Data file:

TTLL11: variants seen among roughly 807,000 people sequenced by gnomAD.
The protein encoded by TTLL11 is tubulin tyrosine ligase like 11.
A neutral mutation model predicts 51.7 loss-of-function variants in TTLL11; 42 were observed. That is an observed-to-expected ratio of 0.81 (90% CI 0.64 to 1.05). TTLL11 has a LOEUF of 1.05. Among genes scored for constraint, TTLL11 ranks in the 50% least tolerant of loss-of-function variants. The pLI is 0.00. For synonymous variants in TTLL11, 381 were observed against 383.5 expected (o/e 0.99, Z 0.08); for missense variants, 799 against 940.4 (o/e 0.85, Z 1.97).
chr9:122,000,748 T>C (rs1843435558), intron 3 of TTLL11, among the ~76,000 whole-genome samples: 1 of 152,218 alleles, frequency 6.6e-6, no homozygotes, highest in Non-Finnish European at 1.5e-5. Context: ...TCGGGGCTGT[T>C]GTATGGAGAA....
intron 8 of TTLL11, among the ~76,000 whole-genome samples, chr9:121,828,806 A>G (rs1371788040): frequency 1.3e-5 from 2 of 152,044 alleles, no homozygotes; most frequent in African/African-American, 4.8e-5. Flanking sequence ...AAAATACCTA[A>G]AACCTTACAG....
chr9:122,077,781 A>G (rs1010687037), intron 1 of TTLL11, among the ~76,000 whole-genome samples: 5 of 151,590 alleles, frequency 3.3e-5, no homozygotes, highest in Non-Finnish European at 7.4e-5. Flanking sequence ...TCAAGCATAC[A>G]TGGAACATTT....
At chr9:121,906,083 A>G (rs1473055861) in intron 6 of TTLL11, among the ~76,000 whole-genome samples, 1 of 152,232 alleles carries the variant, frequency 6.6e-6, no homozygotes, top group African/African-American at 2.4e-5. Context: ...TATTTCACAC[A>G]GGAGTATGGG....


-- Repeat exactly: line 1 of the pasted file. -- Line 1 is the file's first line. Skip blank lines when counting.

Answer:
TTLL11: variants seen among roughly 807,000 people sequenced by gnomAD.